Three years ago, a poster of a nude and heavily pregnant Britney Spears sparked concern in Japan before it was displayed in Tokyo's subways because it was considered "too stimulating" for young commuters.
Whenever I hear the words “3D TV”, I’m reminded of a scene in the 1971 flick Willie Wonka and the Chocolate Factory in which Mike Teavee uses Wonka’s television chocolate machine to miniaturise himself to fit inside a TV screen. As the mini Mike shouts with excitement about his TV debut, his mother reaches into the TV, picks him up and puts him in her purse. As a kid, that was as close as I’d get to 3D TV.
But on Monday, although I wasn’t quite miniaturized, I had the chance to visit a Panasonic plant in Osaka where I put on my own pair of TV glasses and watched 3D TV in a way young Mike Teavee would have loved.
Billions of dollars in investment and national pride are at stake. Oddsmakers are pegging a close race ahead of the Oct. 2 vote, and we are adding a new question to our poll on candidate cities (included below).
Japanese Prime Minister Yukio Hatoyama stepped onto the world stage last week, just days after formally being voted into his post. After his party’s decade in the obscurity of opposition, the sometimes dour academic seemed exhilarated by the whirlwind of top-level meetings at the United Nations in New York and the Group of 20 in Pittsburgh.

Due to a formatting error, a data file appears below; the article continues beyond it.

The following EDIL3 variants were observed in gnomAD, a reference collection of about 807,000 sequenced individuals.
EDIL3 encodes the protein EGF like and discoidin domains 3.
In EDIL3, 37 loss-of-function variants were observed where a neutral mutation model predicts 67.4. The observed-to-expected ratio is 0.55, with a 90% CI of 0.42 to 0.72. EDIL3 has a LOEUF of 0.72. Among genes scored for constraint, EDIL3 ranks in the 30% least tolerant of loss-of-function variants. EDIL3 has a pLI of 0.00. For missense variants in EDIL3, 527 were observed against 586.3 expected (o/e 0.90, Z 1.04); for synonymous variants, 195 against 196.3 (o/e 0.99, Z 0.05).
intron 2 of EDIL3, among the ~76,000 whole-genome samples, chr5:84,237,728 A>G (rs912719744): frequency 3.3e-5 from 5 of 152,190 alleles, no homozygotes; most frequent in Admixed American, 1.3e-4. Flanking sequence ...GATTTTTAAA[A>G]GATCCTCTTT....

Some other party officials along on the trip appeared a little lost. “We’ve only been doing this a week,” followed by an embarrassed chuckle, was the answer to some of the more probing questions put by the Japanese press corps flying with the prime minister.
Hatoyama’s Democratic Party has made much of its determination to do things differently from the long-ruling Liberal Democrats, including how they treat the media.
Signs of change appeared almost immediately his official plane took off from Haneda airport bound for New York, when Hatoyama made an appearance among the journalists at the rear of the plane. That’s a rarity in itself in status-conscious Japan, but he caused even more of a stir by bringing along his wife, former musical star Miyuki, who handed out boxes of cakes for reporters to share.
Buns aside, the biggest sign of change was the regular briefings during the trip, which were given by a politician, rather than a bureaucrat. Some sessions turned into a bizarre game of Chinese whispers, with the briefer passing on information passed on by a bureaucrat present at the meeting.
But Hatoyama himself seemed eager to talk to reporters in person. After a detailed run-down of his first meeting with U.S. President Barack Obama left one interviewer speechless, he caught himself in mid-flow with: “Oh, did I go on too long?”He also chatted freely with reporters off the record.
Less of a joker than popular former prime minister Junichiro Koizumi, who initially attracted popstar-like adulation, Hatoyama could yet win fans in the press with sheer enthusiasm.
Photo credit: REUTERS/Brian Snyder